Seemed to be the week for former chart champions having it tough, with this cover of the song made famous by Aretha Franklin in 1973 a flop for Leo Sayer despite not being that bad.

Number 89 "Dolce Vita" by Ryan Paris
Peak: number 85
A massive hit across Europe (Continental and the UK) in 1983, this catchy ditty by the Italian singer born Fabio Roscioli went surprisingly unappreciated in Australia. 

Number 75 "No One Can Love You More Than Me" by Melissa Manchester
Peak: number 75
Also failing to make an impact locally was this excellent synthpop single from Melissa Manchester's Emergency album. This would be the Grammy winner's final visit to the ARIA chart.

New Entries
Number 46 "Crumblin' Down" by John Cougar Mellencamp
Peak: number 42
The slow transformation of John Cougar to John Mellencamp took an important step forward with the release of the singer's seventh album, Uh-huh, which was the first credited to John Cougar Mellencamp. Otherwise, it was business as usual with lead single "Crumblin' Down" everything you'd expect from the blue collar rock star. Everything, that is, except a bigger hit. The song was even composed with regular collaborator George Green, who'd also co-written "Hurts So Good". "Crumblin' Down" was the first of a string of chart disappointments and JCM wouldn't be back in the top 50 until late 1985.

Number 45 "Love And Affection" by Allniters
Peak: number 45
Their ska cover of "Montego Bay" had taken them into the top 20 in 1983 so it was no surprise that Allniters followed that up with another remake. Slowing the tempo down, the band took on no less a figure than reggae legend Bob Marley with this cover of a track that'd appeared on The Wailers' debut album, The Wailing Wailers, in 1965. But what seemed like a great idea on paper didn't work out so well, with "Love And Affection" progressing no further up the chart.

Number 37 "2000 Miles" by The Pretenders
Peak: number 30
When I did my write-up on The Pretenders' 1986 comeback hit, "Don't Get Me Wrong", I was fascinated to read about all the drama that had played out in the couple of years prior. And now here I am again, learning about even more hirings and firings, as well as drug problems and band member deaths in the lead-up to the band's 1984 album, Learning To Crawl. A year after stop-gap single "Back On The Chain Gang" came out in late 1982, the latest line-up of The Pretenders readied themselves to release Learning To Crawl and previewed it with this Christmas-themed single. "2000 Miles" hit the ARIA top 50 slightly after the fact and didn't become the biggest of hits, but it has become something of a festive classic in the decades since.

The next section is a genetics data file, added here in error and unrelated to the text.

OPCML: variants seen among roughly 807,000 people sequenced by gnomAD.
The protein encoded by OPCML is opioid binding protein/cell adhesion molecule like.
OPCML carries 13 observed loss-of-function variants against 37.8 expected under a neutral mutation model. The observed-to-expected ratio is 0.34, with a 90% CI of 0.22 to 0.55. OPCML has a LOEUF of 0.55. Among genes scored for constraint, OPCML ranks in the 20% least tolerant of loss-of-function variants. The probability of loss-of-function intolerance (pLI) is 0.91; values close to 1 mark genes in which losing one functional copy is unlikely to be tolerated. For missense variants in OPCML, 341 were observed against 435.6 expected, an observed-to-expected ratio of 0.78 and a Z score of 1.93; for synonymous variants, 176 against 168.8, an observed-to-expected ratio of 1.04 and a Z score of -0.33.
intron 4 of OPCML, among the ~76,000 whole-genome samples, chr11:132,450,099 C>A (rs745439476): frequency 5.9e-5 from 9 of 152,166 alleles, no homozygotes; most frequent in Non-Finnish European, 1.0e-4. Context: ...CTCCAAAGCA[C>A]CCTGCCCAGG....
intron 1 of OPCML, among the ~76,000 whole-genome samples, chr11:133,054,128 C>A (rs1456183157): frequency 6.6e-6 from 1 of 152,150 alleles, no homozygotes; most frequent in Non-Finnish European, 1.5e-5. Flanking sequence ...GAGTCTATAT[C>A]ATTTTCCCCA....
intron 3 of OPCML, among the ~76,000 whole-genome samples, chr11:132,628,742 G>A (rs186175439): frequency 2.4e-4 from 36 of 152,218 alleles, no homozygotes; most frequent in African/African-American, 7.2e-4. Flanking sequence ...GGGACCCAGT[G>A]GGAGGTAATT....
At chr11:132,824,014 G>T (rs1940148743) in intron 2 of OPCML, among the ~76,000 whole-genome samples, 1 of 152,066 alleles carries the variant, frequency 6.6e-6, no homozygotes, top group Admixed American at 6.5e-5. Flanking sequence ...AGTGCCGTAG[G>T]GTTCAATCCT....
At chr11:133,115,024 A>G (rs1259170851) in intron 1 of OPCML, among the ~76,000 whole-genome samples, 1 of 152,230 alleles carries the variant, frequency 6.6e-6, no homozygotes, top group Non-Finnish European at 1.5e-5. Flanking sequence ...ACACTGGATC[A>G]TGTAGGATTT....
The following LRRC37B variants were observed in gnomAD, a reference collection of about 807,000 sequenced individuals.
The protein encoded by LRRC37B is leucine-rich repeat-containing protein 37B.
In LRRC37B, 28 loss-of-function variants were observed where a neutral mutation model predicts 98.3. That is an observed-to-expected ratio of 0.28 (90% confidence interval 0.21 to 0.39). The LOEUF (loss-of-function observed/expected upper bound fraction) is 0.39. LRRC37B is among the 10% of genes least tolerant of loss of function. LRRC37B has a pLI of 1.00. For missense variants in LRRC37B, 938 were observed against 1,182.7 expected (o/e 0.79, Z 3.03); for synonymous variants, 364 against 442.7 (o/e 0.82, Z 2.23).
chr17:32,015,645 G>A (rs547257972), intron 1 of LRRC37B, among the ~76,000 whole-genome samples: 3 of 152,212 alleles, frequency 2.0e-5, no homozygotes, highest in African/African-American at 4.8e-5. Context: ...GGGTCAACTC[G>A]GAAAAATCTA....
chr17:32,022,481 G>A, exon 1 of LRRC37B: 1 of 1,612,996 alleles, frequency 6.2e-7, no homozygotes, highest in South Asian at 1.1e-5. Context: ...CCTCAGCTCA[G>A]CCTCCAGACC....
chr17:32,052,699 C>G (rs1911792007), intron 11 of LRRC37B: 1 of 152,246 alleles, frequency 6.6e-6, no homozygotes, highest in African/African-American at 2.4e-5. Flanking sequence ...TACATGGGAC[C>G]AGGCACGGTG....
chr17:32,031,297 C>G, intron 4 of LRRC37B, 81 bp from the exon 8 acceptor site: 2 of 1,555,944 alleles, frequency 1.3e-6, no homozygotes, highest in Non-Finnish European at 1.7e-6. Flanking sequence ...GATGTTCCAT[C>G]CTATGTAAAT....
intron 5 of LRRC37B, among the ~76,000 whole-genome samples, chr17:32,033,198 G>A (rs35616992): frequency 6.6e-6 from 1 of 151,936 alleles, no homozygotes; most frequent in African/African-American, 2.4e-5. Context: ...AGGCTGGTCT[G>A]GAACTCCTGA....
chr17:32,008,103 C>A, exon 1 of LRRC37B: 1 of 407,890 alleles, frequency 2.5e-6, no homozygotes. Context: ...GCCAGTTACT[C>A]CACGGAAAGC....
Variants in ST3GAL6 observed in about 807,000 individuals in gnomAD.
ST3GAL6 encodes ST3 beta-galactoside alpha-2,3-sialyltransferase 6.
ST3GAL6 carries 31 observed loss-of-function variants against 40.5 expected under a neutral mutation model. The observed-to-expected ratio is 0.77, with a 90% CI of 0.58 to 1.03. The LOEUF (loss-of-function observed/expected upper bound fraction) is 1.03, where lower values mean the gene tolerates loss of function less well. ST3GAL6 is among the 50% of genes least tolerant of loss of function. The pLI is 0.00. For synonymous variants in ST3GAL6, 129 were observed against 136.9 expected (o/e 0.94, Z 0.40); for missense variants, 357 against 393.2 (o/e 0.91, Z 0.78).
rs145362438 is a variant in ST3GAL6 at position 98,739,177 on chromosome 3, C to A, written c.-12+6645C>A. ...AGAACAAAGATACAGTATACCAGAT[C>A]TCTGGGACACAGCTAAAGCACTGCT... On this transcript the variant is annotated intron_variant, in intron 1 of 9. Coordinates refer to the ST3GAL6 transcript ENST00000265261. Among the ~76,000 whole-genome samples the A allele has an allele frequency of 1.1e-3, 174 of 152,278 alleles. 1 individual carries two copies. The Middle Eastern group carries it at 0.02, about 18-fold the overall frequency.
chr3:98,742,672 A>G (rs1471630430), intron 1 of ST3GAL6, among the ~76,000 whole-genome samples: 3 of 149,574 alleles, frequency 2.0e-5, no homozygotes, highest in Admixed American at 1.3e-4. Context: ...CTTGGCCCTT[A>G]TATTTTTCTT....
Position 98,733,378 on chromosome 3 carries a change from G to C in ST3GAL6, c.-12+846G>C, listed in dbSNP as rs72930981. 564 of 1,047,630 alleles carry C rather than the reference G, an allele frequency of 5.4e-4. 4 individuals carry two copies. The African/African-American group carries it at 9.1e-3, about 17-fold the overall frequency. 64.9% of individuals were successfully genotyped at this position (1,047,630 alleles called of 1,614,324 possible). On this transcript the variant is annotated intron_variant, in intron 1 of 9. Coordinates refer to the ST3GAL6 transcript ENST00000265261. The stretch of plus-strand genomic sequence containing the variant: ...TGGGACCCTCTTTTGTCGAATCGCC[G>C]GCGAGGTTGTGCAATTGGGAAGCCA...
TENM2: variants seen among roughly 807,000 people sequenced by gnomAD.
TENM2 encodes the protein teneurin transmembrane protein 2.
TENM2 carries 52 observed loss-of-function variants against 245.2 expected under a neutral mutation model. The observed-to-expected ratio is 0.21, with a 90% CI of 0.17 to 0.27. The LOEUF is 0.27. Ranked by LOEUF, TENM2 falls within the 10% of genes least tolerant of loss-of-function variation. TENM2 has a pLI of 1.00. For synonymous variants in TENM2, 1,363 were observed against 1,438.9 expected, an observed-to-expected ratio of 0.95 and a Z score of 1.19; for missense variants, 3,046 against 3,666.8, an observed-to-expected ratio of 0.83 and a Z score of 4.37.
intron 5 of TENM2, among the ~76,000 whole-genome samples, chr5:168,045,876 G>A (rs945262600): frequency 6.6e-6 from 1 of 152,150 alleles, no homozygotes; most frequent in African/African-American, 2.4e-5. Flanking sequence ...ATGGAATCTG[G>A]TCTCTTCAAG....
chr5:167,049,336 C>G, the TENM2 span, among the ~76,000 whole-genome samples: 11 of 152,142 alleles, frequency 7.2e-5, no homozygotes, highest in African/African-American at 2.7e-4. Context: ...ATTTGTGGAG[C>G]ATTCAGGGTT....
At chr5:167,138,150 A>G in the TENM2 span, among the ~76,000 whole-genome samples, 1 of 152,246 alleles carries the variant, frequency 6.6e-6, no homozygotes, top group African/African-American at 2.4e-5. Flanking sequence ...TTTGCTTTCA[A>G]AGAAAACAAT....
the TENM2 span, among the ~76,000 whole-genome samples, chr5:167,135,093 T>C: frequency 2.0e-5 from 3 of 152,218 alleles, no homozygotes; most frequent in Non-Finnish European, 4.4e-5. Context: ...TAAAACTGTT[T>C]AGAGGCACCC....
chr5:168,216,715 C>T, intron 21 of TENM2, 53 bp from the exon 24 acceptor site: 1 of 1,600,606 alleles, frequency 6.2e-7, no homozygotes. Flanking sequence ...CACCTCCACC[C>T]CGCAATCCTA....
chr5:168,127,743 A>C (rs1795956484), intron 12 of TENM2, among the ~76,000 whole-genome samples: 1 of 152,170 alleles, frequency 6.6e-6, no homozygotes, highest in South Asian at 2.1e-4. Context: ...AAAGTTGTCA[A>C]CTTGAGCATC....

Number 31 "Just Be Good To Me" by The S.O.S. Band
Peak: number 17
Here's another song that has taken on legendary status in the years since its release, thanks to it being covered and sampled by numerous artists, most prominently Beats International, Deborah Cox and Professor Green featuring Lily Allen. One of the earliest singles written and produced by Jimmy Jam and Terry Lewis, "Just Be Good To Me" was significantly more successful in Australia and the UK, reaching the top 20 in both countries, than in the US. In America, the band's debut single, "Take Your Time (Do It Right)" (number 40 in Australia in 1980), would remain their only big mainstream hit. 

Number 29 "Right By Your Side" by Eurythmics
Peak: number 15
Decades before tropical house took a stranglehold on pop music, Eurythmics discovered the joys of steel drums, marimbas and calypso rhythms on this second single from the Touch album. Quite a shift from their trademark clinical synthpop sound, "Right By Your Side" hinted at a versatility that would be further explored as the decade wore on. Like most of those other musical detours, it was one the Australian public embraced, rewarding the duo with their fourth consecutive top 20 hit.

Number 22 "Thriller" by Michael Jackson
Peak: number 4
It's hard to believe that for an artist who was so instrumental in the emergence of the music video as an art form that Michael Jackson didn't produce as many clips as you'd think. From his landmark Thriller album, only three of the seven singles released came with music videos. And he had to fight for the third video - the one for the title track - to be made at all. With his record company reluctant to foot the bill for a promo for "Thriller", Michael paid for it himself (and later made deals with TV and video companies to recoup the costs). 
Directed by John Landis (An American Werewolf In London), the extended video for "Thriller" ran for almost 14 minutes and heralded in the concept of the long-form music video. In keeping with the horror theme of the song, the clip climaxed with Michael and a bunch of zombies performing a tightly choreographed routine - a dance sequence that has been imitated, parodied and referenced ever since. 
Despite being the seventh single released from an already incredibly successful album - although only the sixth in Australia, since "P.Y.T. (Pretty Young Thing)" would follow - "Thriller" was a massive hit around the world. Sales of not only the single but also the music video, which was sold with a behind-the-scenes documentary included, proved there was still life in Thriller, which was by now over a year old.
In Australia, "Thriller" returned Michael to the top 5 after the video-less "Wanna Be Startin' Somethin'" and "Human Nature" had fallen short. The album, which had already spent three weeks at number 1 in mid-1983 and was the year's overall number 1, charged back up to number 2 this week. It would go on to rack up another eight weeks on top, finishing 1984 as the year's second biggest album. Imagine how different things would be if Michael had been convinced not to bother making the video...